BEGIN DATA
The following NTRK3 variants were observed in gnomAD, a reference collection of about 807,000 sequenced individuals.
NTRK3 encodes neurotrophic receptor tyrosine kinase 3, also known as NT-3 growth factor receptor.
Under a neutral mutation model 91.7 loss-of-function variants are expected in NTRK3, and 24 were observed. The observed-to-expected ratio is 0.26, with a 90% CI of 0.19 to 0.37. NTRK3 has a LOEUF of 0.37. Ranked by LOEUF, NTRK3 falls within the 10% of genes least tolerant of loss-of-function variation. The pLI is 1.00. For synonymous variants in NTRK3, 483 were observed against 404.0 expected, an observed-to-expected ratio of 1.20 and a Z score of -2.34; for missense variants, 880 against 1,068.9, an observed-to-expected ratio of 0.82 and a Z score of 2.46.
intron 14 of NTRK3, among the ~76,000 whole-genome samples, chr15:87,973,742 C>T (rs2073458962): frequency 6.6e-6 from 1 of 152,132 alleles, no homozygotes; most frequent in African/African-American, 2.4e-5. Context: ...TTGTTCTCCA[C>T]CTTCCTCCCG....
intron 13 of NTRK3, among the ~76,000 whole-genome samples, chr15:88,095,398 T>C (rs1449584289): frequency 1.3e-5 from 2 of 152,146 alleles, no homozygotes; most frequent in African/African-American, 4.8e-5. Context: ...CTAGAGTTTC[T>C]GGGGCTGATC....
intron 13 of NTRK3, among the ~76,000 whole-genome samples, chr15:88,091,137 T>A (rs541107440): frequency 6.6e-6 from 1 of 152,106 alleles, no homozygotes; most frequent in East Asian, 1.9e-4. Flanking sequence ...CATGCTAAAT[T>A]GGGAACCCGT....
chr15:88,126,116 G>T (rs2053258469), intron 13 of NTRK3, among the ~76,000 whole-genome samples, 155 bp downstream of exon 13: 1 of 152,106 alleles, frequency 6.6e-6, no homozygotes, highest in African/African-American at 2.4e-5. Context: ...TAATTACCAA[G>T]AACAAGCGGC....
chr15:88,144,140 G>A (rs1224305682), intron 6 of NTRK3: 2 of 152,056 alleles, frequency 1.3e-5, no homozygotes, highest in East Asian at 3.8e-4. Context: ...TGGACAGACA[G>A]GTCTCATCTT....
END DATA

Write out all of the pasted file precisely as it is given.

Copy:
The following NTRK3 variants were observed in gnomAD, a reference collection of about 807,000 sequenced individuals.
NTRK3 encodes neurotrophic receptor tyrosine kinase 3, also known as NT-3 growth factor receptor.
Under a neutral mutation model 91.7 loss-of-function variants are expected in NTRK3, and 24 were observed. The observed-to-expected ratio is 0.26, with a 90% CI of 0.19 to 0.37. NTRK3 has a LOEUF of 0.37. Ranked by LOEUF, NTRK3 falls within the 10% of genes least tolerant of loss-of-function variation. The pLI is 1.00. For synonymous variants in NTRK3, 483 were observed against 404.0 expected, an observed-to-expected ratio of 1.20 and a Z score of -2.34; for missense variants, 880 against 1,068.9, an observed-to-expected ratio of 0.82 and a Z score of 2.46.
intron 14 of NTRK3, among the ~76,000 whole-genome samples, chr15:87,973,742 C>T (rs2073458962): frequency 6.6e-6 from 1 of 152,132 alleles, no homozygotes; most frequent in African/African-American, 2.4e-5. Context: ...TTGTTCTCCA[C>T]CTTCCTCCCG....
intron 13 of NTRK3, among the ~76,000 whole-genome samples, chr15:88,095,398 T>C (rs1449584289): frequency 1.3e-5 from 2 of 152,146 alleles, no homozygotes; most frequent in African/African-American, 4.8e-5. Context: ...CTAGAGTTTC[T>C]GGGGCTGATC....
intron 13 of NTRK3, among the ~76,000 whole-genome samples, chr15:88,091,137 T>A (rs541107440): frequency 6.6e-6 from 1 of 152,106 alleles, no homozygotes; most frequent in East Asian, 1.9e-4. Flanking sequence ...CATGCTAAAT[T>A]GGGAACCCGT....
chr15:88,126,116 G>T (rs2053258469), intron 13 of NTRK3, among the ~76,000 whole-genome samples, 155 bp downstream of exon 13: 1 of 152,106 alleles, frequency 6.6e-6, no homozygotes, highest in African/African-American at 2.4e-5. Context: ...TAATTACCAA[G>T]AACAAGCGGC....
chr15:88,144,140 G>A (rs1224305682), intron 6 of NTRK3: 2 of 152,056 alleles, frequency 1.3e-5, no homozygotes, highest in East Asian at 3.8e-4. Context: ...TGGACAGACA[G>A]GTCTCATCTT....